Take a virtual stroll (er, scroll) through the wonderfully warped mind of Jon Burgerman, who’s offering up his playful interpretation of the selfie-sharing, interweb-surfing phenom that is the modern girl in the world. The Brit-born/NYC-based artist has us yearning to plaster our walls with his color-injected “Drawings of Girls I’ve seen on Tumblr“, a web-based project which is updated regularly (where else?) on Tumblr. With chromatic scribblings of everything from anonymous blogger babes to iconic fashion photography like Naomi Campbell as Cat Woman in Vogue Russia, it’s safe to say we’ve just found our new online obsession. Here, the Brooklyn dude dishes on his inspiration, the intrigue of going against generic beauty ideals and, duh, why gurlz rule.
What prompted the project?
I’m not sure. I had just joined Instagram and was interested in the sudden flow of other people’s pictures that you get on the feed there. And it was the same with Tumblr. I kept seeing all these images that were immaculately executed to make you look at them. The longing down the lens. The glazed gaze. The interesting thing to me was not really knowing who the images were of or by. The shared visual language of amateur selfies, to professional fashion photography, to advertising images, to nostalgic screen-grabs was compelling and I felt I had to draw them to try and understand them and connect with them in some way.
Why Tumblr? Why not, say, LinkedIn?
Tumblr is where people share and upload stuff they are inspired by. LinkedIn is about trying to get work and doesn’t have many images. The thing about Tumblr is that it’s encouraged to share content on your account, so very quickly an image can be removed from its origin. It bounces around the blogs, it gets lost in the mix and becomes part of the fabric. Tumblr is endlessly fascinating, like a teenager’s digital bedroom wall.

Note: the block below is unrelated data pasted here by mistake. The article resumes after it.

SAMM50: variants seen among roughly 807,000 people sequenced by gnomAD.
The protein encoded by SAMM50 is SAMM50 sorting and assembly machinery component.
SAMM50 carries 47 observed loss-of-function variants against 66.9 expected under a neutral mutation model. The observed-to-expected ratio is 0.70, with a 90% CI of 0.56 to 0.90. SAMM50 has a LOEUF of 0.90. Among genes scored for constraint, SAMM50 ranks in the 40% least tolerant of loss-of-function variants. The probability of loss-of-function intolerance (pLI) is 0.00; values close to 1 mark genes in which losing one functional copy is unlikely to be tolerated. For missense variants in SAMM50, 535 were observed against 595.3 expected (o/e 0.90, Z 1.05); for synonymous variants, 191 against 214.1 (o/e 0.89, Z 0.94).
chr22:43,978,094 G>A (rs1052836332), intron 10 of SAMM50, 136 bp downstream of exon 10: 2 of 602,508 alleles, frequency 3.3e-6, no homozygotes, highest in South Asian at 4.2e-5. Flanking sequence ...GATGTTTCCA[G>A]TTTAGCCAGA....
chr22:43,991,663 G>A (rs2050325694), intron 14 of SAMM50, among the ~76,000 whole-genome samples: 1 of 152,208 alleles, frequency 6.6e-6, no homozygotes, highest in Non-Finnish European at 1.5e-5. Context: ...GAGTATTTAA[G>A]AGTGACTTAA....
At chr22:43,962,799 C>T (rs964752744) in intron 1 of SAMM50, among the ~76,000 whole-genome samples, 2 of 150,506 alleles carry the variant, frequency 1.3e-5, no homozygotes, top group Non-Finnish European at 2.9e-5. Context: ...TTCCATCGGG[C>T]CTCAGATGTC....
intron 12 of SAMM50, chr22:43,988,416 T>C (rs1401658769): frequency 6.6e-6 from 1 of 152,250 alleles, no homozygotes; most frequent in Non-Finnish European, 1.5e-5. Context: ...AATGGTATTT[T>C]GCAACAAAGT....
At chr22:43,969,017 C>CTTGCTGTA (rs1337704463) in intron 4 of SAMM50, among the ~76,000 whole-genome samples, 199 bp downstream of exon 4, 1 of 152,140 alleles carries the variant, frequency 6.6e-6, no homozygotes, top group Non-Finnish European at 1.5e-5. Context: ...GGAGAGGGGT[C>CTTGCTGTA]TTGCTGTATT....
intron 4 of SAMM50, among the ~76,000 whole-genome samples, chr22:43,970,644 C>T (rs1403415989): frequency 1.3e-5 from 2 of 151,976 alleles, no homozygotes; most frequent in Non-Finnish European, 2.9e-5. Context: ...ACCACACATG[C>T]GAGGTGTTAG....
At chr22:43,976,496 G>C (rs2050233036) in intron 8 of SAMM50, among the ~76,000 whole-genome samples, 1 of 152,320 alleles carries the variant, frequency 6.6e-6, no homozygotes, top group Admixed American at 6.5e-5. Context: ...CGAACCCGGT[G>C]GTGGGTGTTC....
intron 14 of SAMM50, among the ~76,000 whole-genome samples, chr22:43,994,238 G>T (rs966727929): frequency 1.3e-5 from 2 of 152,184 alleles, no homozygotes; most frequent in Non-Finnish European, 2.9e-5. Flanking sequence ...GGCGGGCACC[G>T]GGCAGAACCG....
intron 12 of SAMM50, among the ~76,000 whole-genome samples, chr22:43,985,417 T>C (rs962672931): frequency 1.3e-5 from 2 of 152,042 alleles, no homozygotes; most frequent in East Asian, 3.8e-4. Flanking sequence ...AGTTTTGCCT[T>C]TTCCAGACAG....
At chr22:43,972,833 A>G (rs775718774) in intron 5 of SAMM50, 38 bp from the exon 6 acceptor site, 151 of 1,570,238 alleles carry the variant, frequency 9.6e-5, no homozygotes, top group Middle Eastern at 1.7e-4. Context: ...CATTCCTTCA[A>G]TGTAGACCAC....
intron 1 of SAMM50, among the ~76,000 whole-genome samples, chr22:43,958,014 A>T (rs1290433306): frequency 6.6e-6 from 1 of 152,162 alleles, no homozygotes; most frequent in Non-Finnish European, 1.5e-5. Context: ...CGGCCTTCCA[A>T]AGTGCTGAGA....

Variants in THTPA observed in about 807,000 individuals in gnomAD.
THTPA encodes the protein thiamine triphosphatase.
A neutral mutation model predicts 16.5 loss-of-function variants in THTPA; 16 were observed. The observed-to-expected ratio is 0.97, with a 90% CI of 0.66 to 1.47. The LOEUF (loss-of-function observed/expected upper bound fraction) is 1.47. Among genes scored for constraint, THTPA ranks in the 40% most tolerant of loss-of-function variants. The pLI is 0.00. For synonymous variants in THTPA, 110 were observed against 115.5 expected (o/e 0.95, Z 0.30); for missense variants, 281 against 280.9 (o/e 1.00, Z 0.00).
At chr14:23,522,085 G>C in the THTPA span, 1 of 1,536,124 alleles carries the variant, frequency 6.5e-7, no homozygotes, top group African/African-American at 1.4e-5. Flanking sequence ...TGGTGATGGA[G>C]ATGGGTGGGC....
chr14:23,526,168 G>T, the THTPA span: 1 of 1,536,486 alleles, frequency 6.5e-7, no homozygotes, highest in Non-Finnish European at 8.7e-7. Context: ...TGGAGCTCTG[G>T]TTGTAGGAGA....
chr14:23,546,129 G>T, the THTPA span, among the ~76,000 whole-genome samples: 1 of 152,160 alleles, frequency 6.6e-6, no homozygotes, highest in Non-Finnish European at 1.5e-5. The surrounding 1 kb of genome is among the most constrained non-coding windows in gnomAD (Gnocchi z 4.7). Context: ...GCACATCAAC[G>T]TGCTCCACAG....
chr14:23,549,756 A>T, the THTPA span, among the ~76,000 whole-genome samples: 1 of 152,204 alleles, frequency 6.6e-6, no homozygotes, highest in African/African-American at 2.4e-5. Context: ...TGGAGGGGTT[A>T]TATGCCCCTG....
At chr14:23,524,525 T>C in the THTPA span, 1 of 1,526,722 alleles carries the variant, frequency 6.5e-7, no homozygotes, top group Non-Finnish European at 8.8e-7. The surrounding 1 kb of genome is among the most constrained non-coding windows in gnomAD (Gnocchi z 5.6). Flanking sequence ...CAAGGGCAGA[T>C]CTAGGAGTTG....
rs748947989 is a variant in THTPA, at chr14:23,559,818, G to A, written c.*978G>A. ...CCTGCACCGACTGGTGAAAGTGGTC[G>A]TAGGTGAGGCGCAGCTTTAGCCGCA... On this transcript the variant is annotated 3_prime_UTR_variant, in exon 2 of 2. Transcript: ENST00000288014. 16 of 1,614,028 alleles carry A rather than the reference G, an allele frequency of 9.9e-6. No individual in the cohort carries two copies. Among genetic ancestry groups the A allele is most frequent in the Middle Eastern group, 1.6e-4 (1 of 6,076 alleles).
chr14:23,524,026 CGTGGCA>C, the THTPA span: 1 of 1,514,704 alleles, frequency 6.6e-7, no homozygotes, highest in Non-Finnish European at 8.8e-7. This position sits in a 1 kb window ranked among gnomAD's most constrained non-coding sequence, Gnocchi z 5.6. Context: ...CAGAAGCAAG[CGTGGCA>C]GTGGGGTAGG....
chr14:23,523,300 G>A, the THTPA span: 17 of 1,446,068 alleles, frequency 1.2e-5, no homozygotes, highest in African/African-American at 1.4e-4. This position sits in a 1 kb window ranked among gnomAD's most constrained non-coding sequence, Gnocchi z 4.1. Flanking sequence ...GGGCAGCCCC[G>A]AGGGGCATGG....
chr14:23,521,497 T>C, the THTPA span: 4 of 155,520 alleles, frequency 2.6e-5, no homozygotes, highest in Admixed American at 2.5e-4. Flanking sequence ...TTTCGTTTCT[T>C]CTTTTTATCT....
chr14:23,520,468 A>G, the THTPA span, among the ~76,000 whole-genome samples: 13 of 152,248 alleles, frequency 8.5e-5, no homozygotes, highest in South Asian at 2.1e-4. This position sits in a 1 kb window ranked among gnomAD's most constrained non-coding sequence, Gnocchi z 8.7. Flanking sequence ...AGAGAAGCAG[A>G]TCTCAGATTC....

What do you look for in a Tumblr girl?
A mix of interesting visual clues. These can anything from their hair to their clothes to the colours to their pose to the props to the location to the context of the image. Whatever it is it just jumps out and I know straight away. If I have to think about it for too long then it’s probably not got that quality I need to want to draw from it. It has to compel me to want to draw.
Any overarching themes you’ve seen start to emerge?
Hmm, good question. I’m not sure, other than a lot of them follow current fashion trends. A lot of them seem to go for a generic ideal of beauty or desire but I’m more drawn to ones that are a little outrageous in some respect, or even strangely funny.
How quickly can you make a drawing of a Tumblr girl (Tumblr itself being a medium devoted to speediness of content-creation)?
Why do girls like to put photos of themselves on the Internet?
I think both girls and boys like putting photos of themselves online. We are creating a running narrative about ourselves. We are making stories and sharing them and we are the stars at the centre. The notion of celebrity is being broadened out, now you can be the celebrity on your street, or in your school or in your head. Sharing is caring too, right?